One of the best leadership teachers in any era comes in the form of paper or metal.
We love it, hate it, covet it, or disdain it.
Our romance with money belongs in every leadership development program on the planet.
Ever hear the expression “You can never be too thin or too rich”? First, too thin is called anorexia and you can die from that. Too rich, question is what does the word really mean?
Rich in cold, hard cash, rich in love, rich in friends, rich in _________. You fill in the blank.
Money is so much more than a means of exchange for goods and services. It determines how we relate to family, friends, colleagues. Money can cause dissonance or harmony, it can make us serape or angry, and it can be a dream fulfiller or a dream destroyer.
New research, especially the work of Dan Ariely, whose book “Predictably Irrational: The Hidden Forces That Shape Our Decisions”, delves into the behavioral aspects of why we buy, or hoard, or share; how we decide what we prefer and how money shapes relationships. This is eye opening information as we continue to learn in this time of economically induced stress (at least for so many of us).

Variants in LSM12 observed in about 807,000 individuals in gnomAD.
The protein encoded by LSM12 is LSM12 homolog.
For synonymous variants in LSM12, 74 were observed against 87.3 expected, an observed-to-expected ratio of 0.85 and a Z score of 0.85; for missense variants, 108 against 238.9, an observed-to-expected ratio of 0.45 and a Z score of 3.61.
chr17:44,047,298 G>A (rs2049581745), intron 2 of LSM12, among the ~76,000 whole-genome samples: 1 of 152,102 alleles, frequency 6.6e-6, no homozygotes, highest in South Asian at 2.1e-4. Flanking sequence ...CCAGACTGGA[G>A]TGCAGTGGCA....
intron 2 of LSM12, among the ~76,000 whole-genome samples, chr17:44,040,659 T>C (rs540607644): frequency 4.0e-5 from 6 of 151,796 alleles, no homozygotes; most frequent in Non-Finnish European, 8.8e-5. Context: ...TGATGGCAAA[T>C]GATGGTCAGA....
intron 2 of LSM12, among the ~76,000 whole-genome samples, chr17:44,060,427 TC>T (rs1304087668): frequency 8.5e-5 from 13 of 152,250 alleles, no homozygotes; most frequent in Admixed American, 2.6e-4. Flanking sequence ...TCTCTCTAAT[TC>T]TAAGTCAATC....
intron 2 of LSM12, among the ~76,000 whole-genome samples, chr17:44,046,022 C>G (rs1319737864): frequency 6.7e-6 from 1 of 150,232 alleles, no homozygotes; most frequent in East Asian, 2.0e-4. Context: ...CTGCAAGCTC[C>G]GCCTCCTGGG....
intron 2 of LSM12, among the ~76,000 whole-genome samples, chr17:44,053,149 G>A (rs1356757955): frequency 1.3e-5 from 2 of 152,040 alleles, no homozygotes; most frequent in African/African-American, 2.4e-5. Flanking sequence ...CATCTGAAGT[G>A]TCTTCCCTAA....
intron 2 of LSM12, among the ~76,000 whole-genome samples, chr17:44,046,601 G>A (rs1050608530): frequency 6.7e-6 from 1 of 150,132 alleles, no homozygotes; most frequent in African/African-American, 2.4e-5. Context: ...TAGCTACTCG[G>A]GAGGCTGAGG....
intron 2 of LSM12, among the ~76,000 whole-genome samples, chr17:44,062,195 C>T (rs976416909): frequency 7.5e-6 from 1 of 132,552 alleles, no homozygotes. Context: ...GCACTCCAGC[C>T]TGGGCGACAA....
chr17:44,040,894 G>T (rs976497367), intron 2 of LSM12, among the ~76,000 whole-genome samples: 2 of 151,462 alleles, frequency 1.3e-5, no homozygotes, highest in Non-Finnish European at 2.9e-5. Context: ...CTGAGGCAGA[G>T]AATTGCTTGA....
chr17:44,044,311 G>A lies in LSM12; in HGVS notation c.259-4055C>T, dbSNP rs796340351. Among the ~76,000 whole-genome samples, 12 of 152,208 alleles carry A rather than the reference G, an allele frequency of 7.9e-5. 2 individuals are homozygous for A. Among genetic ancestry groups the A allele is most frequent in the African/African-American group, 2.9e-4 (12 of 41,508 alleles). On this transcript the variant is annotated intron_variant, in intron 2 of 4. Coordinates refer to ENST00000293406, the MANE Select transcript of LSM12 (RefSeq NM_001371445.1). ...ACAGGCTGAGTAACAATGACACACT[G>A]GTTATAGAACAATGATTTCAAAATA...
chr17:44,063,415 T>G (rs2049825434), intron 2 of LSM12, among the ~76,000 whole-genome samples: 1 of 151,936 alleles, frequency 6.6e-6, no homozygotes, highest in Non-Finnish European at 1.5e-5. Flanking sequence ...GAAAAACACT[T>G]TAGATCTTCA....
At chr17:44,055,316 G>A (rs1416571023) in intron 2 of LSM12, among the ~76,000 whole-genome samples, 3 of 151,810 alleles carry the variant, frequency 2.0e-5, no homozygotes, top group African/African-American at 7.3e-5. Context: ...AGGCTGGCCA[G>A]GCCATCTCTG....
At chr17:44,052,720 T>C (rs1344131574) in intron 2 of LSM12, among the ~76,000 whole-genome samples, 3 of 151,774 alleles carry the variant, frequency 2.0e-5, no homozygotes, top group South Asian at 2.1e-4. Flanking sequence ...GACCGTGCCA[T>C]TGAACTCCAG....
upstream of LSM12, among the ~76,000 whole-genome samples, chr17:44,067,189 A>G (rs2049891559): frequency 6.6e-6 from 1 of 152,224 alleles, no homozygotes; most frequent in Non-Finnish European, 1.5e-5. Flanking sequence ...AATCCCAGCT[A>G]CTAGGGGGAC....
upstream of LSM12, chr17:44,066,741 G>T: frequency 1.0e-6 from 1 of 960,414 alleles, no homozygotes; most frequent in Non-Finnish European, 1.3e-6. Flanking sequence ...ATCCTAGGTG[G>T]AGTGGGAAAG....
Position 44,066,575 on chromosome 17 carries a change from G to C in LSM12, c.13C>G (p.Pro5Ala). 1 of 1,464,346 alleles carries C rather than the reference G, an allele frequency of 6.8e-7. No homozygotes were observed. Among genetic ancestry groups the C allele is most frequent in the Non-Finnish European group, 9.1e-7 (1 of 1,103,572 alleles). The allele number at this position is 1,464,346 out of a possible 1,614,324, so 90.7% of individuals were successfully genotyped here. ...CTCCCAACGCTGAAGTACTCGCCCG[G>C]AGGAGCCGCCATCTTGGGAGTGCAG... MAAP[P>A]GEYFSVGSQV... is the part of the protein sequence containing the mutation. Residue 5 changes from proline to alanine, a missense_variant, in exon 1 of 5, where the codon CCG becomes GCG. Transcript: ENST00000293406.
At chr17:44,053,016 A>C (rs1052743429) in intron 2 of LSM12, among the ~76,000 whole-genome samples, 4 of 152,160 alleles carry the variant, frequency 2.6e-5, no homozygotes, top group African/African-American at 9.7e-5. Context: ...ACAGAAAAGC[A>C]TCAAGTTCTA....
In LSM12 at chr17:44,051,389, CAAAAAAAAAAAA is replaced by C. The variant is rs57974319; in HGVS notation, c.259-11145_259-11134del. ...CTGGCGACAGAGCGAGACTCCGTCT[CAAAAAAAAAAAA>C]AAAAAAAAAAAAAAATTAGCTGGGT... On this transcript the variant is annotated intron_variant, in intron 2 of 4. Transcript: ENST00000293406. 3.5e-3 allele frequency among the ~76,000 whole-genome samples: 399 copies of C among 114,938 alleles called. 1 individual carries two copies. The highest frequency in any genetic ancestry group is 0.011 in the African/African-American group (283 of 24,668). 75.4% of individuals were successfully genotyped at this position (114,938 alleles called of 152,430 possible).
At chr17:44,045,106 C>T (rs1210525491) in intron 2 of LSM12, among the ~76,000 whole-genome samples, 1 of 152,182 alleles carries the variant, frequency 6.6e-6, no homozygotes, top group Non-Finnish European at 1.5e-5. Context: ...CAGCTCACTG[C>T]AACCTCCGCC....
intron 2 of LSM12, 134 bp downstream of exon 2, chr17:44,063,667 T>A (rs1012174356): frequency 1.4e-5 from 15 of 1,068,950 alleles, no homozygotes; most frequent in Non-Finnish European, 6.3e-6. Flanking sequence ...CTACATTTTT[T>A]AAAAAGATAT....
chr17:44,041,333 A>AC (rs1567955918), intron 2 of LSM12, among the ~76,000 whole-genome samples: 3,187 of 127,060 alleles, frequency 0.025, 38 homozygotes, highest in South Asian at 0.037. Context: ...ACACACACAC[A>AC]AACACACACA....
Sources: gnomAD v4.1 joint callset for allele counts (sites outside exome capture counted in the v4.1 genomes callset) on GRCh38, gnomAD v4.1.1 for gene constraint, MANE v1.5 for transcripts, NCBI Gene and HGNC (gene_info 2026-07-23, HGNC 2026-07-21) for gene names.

The hidden aspects of money are fascinating to bring to the surface. And in this year of per-election presidential debates the theme of money is front and center. Mitt Romney is proud of making a bundle, Ron Paul is okay with much less, Newt Gingrich confuses us with where he got his money, and Rick Santorum has to make sure he has enough for his family of nine.
This is a good time to take stock personally. One of the most important areas for leadership training is money education. Start by understanding the subtle (or overt) messages that reverberated in your family as you were growing up. Think back about how power games around money were played.
Were decisions shared about what to buy or did one person have all the say?
Was there money for vacations, luxuries, or surprises?
Start to observe your reactions to partners, parents, co-workers, bosses, and children. Even pay attention to your thoughts at the gas station and the super market.
What is your tale about money? Careful the tale you tell, that is the magic spell!